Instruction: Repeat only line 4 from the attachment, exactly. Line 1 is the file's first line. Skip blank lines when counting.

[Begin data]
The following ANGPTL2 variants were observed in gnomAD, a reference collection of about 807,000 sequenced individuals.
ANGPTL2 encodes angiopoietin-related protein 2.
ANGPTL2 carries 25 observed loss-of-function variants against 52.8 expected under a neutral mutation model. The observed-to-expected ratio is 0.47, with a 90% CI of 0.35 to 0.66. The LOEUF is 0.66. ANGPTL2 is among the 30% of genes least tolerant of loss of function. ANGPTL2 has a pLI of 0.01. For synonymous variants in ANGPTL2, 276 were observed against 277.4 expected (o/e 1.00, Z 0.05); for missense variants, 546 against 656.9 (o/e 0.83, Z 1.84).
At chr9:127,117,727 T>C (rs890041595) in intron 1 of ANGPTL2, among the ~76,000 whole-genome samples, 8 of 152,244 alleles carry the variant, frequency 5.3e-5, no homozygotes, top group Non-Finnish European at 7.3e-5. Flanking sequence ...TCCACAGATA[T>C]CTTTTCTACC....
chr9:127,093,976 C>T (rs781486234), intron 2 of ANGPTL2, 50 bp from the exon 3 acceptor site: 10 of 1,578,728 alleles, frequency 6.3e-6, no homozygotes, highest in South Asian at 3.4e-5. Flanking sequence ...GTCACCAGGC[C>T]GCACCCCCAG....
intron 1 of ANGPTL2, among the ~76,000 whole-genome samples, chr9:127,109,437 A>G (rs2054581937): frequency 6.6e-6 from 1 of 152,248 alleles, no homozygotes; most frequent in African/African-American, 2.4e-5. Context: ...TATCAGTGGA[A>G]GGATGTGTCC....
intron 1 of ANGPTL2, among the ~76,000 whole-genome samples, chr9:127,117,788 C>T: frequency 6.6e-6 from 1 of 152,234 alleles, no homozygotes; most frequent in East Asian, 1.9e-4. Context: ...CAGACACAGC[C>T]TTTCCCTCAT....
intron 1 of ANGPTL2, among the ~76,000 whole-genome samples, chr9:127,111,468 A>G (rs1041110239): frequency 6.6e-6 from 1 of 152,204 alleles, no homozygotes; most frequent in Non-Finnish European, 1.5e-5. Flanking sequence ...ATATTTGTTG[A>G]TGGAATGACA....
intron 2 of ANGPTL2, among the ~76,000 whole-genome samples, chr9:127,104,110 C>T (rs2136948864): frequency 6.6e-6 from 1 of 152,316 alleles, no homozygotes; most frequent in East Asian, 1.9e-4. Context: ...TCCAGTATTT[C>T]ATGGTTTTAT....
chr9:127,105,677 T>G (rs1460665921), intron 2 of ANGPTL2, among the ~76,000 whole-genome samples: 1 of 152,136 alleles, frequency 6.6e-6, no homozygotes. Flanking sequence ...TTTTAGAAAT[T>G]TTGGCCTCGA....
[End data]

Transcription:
At chr9:127,117,727 T>C (rs890041595) in intron 1 of ANGPTL2, among the ~76,000 whole-genome samples, 8 of 152,244 alleles carry the variant, frequency 5.3e-5, no homozygotes, top group Non-Finnish European at 7.3e-5. Flanking sequence ...TCCACAGATA[T>C]CTTTTCTACC....